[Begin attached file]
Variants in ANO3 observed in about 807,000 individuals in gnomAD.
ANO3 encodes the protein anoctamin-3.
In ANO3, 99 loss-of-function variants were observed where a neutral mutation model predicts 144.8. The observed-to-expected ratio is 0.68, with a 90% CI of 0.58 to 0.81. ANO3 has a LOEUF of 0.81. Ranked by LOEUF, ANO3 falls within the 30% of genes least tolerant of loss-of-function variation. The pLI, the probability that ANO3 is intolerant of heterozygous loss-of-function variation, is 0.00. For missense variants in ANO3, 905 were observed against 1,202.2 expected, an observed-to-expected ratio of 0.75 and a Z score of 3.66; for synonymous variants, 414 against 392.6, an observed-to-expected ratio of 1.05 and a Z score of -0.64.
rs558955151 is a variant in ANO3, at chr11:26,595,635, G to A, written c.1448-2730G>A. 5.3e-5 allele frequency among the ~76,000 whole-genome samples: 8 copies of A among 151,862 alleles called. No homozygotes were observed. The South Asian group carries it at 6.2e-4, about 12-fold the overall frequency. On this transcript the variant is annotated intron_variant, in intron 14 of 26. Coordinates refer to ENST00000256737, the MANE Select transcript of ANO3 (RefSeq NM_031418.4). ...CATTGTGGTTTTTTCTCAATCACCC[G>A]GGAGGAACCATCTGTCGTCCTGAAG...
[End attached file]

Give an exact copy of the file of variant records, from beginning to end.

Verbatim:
Variants in ANO3 observed in about 807,000 individuals in gnomAD.
ANO3 encodes the protein anoctamin-3.
In ANO3, 99 loss-of-function variants were observed where a neutral mutation model predicts 144.8. The observed-to-expected ratio is 0.68, with a 90% CI of 0.58 to 0.81. ANO3 has a LOEUF of 0.81. Ranked by LOEUF, ANO3 falls within the 30% of genes least tolerant of loss-of-function variation. The pLI, the probability that ANO3 is intolerant of heterozygous loss-of-function variation, is 0.00. For missense variants in ANO3, 905 were observed against 1,202.2 expected, an observed-to-expected ratio of 0.75 and a Z score of 3.66; for synonymous variants, 414 against 392.6, an observed-to-expected ratio of 1.05 and a Z score of -0.64.
rs558955151 is a variant in ANO3, at chr11:26,595,635, G to A, written c.1448-2730G>A. 5.3e-5 allele frequency among the ~76,000 whole-genome samples: 8 copies of A among 151,862 alleles called. No homozygotes were observed. The South Asian group carries it at 6.2e-4, about 12-fold the overall frequency. On this transcript the variant is annotated intron_variant, in intron 14 of 26. Coordinates refer to ENST00000256737, the MANE Select transcript of ANO3 (RefSeq NM_031418.4). ...CATTGTGGTTTTTTCTCAATCACCC[G>A]GGAGGAACCATCTGTCGTCCTGAAG...